I’d certainly imagine that they’ve never been close to a big diamond; that’s reasonably unusual even in places where small-ish diamonds are considered pretty prosaic for jewelry purposes; but I’d also suspect that, with the find not terribly far from places where real diamonds do crop up quite regularly, some sort of dealer/broker/middleman character who has at least evaluated small diamonds would have been on the scene fairly quickly.


Yes, I have seen samples of gold running through quartz. So cool looking.

Ah, learned something new.

But IIRC quartz is a 7, so if you can scratch it with something similar, you would know its not diamond. The fact these were HUGE would be a tip off - as diamonds that large are exceptionally rare.

But yeah, they don’t call pyrite fools gold for nothing. I’m an amateur and still have trouble IDing minerals. Most people have zero clue other than if a rock is pretty or not.


It’s trivial to tell once you start to cut the gem - but raw gems and minerals are tough to tell - Africa is so ripe with both it’s hard to fault people for getting excited.

I doubt I’d be able to find any of this stuff in the wild without a ton of experience myself - and I suspect that quite a bit of incredible wealth goes undetected around humanity as a whole due to the inability to identify it - that’s much of what makes those things valuable to begin with…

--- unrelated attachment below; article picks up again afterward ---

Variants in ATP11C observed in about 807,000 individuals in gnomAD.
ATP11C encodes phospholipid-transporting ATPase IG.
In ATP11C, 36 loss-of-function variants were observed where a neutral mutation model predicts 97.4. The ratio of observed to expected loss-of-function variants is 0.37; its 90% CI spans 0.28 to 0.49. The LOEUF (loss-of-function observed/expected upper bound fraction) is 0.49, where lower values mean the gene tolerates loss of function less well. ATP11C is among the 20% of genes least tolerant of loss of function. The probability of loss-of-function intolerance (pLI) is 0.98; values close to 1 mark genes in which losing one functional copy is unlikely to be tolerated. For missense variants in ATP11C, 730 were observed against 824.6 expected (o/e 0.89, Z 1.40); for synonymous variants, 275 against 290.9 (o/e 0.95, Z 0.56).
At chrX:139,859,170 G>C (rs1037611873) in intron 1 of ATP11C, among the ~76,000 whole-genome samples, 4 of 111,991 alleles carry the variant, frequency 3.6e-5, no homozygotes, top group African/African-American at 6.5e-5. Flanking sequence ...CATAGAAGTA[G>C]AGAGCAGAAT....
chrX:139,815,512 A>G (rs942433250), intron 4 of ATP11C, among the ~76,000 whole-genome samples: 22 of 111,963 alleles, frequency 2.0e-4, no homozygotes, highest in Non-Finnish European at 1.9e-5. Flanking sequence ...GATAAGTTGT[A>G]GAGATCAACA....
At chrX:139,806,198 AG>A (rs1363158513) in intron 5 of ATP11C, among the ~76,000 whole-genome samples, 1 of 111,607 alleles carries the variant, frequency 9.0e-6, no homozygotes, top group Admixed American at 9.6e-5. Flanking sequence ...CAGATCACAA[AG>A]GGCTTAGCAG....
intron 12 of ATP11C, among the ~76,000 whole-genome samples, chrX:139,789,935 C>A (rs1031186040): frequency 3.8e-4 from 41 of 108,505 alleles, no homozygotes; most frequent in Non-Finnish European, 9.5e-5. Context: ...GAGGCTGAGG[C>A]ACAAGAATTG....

Finding stuff in the wild is the most fun.

I am still kicking myself that I was in Duluth a whole week before I realized there were agates all over the place.

I want to get back up there and to go Yooperlite hunting.


If they had been real diamonds, the excitement would have driven the farmer to suicide (by shooting himself five times in the back of the head immediately after willing the land to deBeers) inside of a week. Or at the very least, some mineralogical reason would have been discovered why these weren’t the valuable kind of diamond.

Random good fortune was never going to be allowed to be that random.


My first thought is to say “quartz. . . that’s what De Beers wants you to think.


Next up the Great “Fool’s Gold” Rush!

Year from now, people will still be traveling there and digging and there will be entire Internet groups devoted to proving that there actually were diamond but DeBeers or such came in and fooled everyone so they could reap the harvest. :slight_smile:

Nothing blinds a person to facts more than baseless hopes.

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Alluvial diamonds are also a thing, they are found where diamonds have been washed out of kimberlite. They make up a sizeable fraction of South Africa’s and all of Namibia’s diamond production.

Quartz is common, but rock crystal which is just colourless quartz is quite rare, especially in well-formed sizeable crystals. Rate enough that it has some value as a semi precious stone - cut well, rock Crystal has some of the glitter and refraction associated with diamond and can fetch appreciable prices.

In the rough, the two are quite similar to the untrained eye and the appearance of a big, colourless crystal in a country known for diamond is going to get anyone’s hopes up.

Diamonds are sometime found in the soil in South Africa, and some of those have been big and found in quantities. So it wasn’t impossible, only unlikely given this area’s geology - but again, that is specialist knowledge.

When you have nothing, hope is all you can rely on.